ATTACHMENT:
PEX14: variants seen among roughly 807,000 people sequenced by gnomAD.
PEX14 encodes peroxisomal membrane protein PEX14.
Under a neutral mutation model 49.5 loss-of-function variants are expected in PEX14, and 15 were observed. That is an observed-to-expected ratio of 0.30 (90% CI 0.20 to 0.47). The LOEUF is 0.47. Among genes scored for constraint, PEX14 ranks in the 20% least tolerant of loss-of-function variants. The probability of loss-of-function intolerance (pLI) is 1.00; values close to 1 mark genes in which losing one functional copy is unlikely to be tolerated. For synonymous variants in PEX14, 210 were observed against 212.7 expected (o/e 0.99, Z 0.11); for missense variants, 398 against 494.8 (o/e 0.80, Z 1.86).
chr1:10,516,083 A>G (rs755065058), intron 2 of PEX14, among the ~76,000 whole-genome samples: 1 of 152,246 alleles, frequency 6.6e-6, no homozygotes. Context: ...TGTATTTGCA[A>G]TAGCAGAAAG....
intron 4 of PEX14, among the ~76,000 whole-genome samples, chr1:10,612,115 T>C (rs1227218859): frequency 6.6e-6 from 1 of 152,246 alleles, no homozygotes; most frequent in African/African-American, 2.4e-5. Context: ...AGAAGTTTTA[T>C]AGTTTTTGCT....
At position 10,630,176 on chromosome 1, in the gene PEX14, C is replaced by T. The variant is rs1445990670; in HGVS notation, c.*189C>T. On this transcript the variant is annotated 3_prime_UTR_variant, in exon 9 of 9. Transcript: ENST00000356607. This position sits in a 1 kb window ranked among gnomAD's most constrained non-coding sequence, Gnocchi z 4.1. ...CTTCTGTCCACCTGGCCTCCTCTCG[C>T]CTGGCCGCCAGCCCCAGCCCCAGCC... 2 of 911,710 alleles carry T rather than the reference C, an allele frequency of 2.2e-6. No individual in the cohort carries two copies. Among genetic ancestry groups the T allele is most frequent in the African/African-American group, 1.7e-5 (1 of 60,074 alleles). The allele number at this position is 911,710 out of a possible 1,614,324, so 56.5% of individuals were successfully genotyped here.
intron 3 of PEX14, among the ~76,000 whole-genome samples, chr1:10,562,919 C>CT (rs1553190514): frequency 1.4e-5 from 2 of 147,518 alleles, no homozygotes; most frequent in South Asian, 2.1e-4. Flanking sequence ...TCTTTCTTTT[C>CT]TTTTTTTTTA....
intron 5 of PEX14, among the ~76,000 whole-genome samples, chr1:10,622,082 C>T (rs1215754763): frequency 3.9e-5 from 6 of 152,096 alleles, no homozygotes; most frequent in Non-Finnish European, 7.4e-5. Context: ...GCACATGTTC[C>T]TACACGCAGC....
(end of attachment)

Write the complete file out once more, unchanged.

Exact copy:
PEX14: variants seen among roughly 807,000 people sequenced by gnomAD.
PEX14 encodes peroxisomal membrane protein PEX14.
Under a neutral mutation model 49.5 loss-of-function variants are expected in PEX14, and 15 were observed. That is an observed-to-expected ratio of 0.30 (90% CI 0.20 to 0.47). The LOEUF is 0.47. Among genes scored for constraint, PEX14 ranks in the 20% least tolerant of loss-of-function variants. The probability of loss-of-function intolerance (pLI) is 1.00; values close to 1 mark genes in which losing one functional copy is unlikely to be tolerated. For synonymous variants in PEX14, 210 were observed against 212.7 expected (o/e 0.99, Z 0.11); for missense variants, 398 against 494.8 (o/e 0.80, Z 1.86).
chr1:10,516,083 A>G (rs755065058), intron 2 of PEX14, among the ~76,000 whole-genome samples: 1 of 152,246 alleles, frequency 6.6e-6, no homozygotes. Context: ...TGTATTTGCA[A>G]TAGCAGAAAG....
intron 4 of PEX14, among the ~76,000 whole-genome samples, chr1:10,612,115 T>C (rs1227218859): frequency 6.6e-6 from 1 of 152,246 alleles, no homozygotes; most frequent in African/African-American, 2.4e-5. Context: ...AGAAGTTTTA[T>C]AGTTTTTGCT....
At position 10,630,176 on chromosome 1, in the gene PEX14, C is replaced by T. The variant is rs1445990670; in HGVS notation, c.*189C>T. On this transcript the variant is annotated 3_prime_UTR_variant, in exon 9 of 9. Transcript: ENST00000356607. This position sits in a 1 kb window ranked among gnomAD's most constrained non-coding sequence, Gnocchi z 4.1. ...CTTCTGTCCACCTGGCCTCCTCTCG[C>T]CTGGCCGCCAGCCCCAGCCCCAGCC... 2 of 911,710 alleles carry T rather than the reference C, an allele frequency of 2.2e-6. No individual in the cohort carries two copies. Among genetic ancestry groups the T allele is most frequent in the African/African-American group, 1.7e-5 (1 of 60,074 alleles). The allele number at this position is 911,710 out of a possible 1,614,324, so 56.5% of individuals were successfully genotyped here.
intron 3 of PEX14, among the ~76,000 whole-genome samples, chr1:10,562,919 C>CT (rs1553190514): frequency 1.4e-5 from 2 of 147,518 alleles, no homozygotes; most frequent in South Asian, 2.1e-4. Flanking sequence ...TCTTTCTTTT[C>CT]TTTTTTTTTA....
intron 5 of PEX14, among the ~76,000 whole-genome samples, chr1:10,622,082 C>T (rs1215754763): frequency 3.9e-5 from 6 of 152,096 alleles, no homozygotes; most frequent in Non-Finnish European, 7.4e-5. Context: ...GCACATGTTC[C>T]TACACGCAGC....